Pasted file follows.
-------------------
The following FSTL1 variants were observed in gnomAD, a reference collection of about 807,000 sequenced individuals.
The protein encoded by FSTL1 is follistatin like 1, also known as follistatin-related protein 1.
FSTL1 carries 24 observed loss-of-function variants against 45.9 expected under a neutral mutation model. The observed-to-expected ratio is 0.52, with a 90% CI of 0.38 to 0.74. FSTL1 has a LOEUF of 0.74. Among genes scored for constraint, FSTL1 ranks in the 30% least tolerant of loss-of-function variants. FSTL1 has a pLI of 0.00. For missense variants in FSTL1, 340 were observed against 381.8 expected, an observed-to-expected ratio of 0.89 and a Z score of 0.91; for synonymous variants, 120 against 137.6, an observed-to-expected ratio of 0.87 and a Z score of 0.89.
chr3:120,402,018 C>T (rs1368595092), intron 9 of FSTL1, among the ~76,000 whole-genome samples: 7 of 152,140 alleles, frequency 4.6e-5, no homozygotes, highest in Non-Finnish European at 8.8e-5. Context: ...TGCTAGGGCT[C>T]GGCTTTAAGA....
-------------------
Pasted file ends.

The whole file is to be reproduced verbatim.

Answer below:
The following FSTL1 variants were observed in gnomAD, a reference collection of about 807,000 sequenced individuals.
The protein encoded by FSTL1 is follistatin like 1, also known as follistatin-related protein 1.
FSTL1 carries 24 observed loss-of-function variants against 45.9 expected under a neutral mutation model. The observed-to-expected ratio is 0.52, with a 90% CI of 0.38 to 0.74. FSTL1 has a LOEUF of 0.74. Among genes scored for constraint, FSTL1 ranks in the 30% least tolerant of loss-of-function variants. FSTL1 has a pLI of 0.00. For missense variants in FSTL1, 340 were observed against 381.8 expected, an observed-to-expected ratio of 0.89 and a Z score of 0.91; for synonymous variants, 120 against 137.6, an observed-to-expected ratio of 0.87 and a Z score of 0.89.
chr3:120,402,018 C>T (rs1368595092), intron 9 of FSTL1, among the ~76,000 whole-genome samples: 7 of 152,140 alleles, frequency 4.6e-5, no homozygotes, highest in Non-Finnish European at 8.8e-5. Context: ...TGCTAGGGCT[C>T]GGCTTTAAGA....